Waste not want not: Understanding the greenhouse gas implications of diverting waste and residual materials to biofuel production
Dr. Chris Malins, Cerulogy
Assesses the indirect greenhouse gas emissions of diverting waste and residual materials to biofuel production.
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It has become generally accepted that biofuels produced from food commodity crops cause indirect land use change (ILUC) when increased demand for those crops results in an increase in global cultivation area. Indirect emissions can also result from the use of waste and residual materials for biofuel production. For example, fatty acid distillates from palm oil refining are currently utilized in applications including oleochemicals, soaps, and animal feeds. If these materials were instead used for biofuel production, other materials would take their place in those primary applications. This may create increased demand for palm and other oils, resulting in increased GHG emissions from the production of these feedstocks.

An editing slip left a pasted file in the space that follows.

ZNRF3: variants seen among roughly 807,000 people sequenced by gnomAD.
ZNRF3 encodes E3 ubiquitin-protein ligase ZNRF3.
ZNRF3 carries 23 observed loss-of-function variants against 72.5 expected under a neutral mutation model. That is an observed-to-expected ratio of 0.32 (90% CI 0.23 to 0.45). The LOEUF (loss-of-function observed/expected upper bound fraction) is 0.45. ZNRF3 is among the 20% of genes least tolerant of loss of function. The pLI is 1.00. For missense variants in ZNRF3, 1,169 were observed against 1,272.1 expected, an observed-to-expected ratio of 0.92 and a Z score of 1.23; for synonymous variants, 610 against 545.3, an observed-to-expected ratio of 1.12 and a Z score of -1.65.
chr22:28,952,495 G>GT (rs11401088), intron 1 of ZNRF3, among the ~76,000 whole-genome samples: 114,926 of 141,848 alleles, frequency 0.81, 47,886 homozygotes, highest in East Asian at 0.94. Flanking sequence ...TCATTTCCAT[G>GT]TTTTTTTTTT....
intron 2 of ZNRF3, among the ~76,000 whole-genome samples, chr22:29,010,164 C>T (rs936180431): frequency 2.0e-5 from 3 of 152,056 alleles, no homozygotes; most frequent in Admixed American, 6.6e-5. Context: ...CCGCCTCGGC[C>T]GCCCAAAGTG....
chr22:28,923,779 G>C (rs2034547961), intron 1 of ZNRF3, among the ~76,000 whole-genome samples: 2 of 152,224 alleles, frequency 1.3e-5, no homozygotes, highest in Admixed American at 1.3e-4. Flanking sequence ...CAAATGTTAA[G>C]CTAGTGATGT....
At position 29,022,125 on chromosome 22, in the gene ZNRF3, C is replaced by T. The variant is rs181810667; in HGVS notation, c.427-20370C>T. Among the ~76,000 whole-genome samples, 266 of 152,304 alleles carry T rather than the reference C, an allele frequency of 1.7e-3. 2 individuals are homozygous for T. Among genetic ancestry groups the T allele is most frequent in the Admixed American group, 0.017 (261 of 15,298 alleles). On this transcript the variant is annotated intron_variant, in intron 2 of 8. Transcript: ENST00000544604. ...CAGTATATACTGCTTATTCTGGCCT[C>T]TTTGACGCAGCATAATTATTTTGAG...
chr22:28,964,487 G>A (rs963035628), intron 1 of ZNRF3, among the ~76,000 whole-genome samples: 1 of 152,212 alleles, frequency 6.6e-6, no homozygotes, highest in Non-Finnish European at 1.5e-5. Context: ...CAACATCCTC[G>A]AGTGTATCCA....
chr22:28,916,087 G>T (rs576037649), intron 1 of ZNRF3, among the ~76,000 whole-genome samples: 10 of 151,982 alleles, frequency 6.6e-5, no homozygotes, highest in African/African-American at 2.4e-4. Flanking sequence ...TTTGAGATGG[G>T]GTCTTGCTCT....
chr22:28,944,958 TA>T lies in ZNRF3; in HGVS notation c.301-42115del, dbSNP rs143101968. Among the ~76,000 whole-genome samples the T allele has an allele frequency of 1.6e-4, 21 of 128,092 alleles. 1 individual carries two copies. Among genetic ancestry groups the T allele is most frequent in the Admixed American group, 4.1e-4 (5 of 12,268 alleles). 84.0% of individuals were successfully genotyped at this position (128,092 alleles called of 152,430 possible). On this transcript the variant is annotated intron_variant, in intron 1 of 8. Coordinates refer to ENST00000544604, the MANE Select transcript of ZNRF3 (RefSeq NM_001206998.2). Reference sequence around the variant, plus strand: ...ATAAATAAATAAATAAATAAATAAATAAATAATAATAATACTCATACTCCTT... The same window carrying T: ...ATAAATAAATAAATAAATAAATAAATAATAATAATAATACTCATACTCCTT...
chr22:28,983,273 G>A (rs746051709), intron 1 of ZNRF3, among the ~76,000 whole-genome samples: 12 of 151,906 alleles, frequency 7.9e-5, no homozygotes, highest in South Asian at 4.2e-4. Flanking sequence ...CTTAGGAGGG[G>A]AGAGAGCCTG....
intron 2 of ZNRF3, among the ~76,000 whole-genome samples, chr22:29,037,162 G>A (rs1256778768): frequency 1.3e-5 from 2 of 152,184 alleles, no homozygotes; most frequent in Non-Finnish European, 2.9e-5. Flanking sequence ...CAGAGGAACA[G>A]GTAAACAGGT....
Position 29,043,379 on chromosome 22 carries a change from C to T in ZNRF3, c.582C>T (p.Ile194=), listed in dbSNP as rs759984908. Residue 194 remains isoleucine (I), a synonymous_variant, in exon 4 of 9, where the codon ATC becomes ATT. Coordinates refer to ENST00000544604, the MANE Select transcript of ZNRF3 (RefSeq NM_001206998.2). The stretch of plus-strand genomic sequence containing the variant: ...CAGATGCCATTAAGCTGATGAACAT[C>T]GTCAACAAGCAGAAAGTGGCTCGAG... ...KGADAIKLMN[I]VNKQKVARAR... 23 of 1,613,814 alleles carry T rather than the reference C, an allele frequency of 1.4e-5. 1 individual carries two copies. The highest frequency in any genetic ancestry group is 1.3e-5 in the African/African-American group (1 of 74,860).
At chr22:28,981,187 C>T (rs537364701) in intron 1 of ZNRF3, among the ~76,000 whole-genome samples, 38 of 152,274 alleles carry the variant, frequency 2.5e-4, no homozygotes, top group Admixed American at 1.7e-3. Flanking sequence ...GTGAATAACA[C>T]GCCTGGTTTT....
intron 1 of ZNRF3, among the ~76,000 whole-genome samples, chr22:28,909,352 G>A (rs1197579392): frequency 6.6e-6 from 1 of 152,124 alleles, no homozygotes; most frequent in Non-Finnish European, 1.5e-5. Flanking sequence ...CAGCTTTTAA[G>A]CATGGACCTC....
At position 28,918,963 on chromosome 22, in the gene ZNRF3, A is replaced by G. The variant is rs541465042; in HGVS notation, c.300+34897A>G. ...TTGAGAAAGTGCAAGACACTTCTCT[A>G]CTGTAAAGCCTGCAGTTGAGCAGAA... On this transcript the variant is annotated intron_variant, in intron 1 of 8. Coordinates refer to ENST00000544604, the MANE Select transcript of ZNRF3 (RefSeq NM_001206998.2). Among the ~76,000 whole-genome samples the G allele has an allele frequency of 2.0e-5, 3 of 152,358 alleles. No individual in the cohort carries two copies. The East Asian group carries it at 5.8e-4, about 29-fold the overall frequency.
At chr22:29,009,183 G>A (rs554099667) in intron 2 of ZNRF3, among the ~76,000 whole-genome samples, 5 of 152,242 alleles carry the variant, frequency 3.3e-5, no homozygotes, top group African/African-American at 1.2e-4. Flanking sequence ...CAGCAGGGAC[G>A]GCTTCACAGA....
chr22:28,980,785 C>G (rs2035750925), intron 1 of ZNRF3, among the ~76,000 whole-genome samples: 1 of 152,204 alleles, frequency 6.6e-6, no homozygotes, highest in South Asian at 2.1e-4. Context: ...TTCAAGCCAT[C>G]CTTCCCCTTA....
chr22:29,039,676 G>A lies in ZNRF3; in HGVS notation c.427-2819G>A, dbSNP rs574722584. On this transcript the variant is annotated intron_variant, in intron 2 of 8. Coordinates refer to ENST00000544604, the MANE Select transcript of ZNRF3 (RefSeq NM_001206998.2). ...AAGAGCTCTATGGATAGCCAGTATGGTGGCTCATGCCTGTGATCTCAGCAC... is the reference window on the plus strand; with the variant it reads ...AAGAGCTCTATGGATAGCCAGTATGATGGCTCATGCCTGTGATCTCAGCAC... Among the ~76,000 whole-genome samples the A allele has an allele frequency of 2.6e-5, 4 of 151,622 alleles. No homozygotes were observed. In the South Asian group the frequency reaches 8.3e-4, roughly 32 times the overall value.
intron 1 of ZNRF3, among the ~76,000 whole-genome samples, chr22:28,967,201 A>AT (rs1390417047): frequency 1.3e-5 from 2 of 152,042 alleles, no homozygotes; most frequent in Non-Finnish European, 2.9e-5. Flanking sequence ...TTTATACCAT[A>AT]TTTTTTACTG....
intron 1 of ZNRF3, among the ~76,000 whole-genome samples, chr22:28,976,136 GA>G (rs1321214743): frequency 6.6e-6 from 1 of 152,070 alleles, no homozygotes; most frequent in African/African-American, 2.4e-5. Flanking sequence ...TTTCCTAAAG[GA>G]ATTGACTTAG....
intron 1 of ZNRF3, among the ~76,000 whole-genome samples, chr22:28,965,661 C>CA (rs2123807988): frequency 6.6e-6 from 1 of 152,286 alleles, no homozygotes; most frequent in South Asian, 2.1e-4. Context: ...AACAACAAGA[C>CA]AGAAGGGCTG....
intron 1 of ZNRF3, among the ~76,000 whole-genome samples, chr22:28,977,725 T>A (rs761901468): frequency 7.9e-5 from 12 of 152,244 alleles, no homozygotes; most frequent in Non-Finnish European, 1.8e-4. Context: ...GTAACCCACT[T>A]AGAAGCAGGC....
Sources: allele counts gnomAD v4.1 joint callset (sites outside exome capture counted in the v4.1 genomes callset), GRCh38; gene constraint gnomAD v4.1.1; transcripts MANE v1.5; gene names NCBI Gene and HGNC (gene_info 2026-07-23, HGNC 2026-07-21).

In November 2016, the European Commission proposed a revision to the Renewable Energy Directive for the period 2020 to 2030, under which biofuels from materials that might be characterized as wastes and/or residues would play a major role, on the presumption that using these materials would deliver better environmental outcomes than using food crops. This consultant report by Cerulogy assesses the indirect emissions implications of producing biofuels from some of the materials listed in the proposal, and of some that may be proposed as additions to the proposal as it is discussed in the European Council and Parliament. This study finds that indirect emissions are likely to be significant in most cases and can fundamentally change our understanding of the full climate impacts of using these materials for biofuels.
Staff contact: Stephanie Searle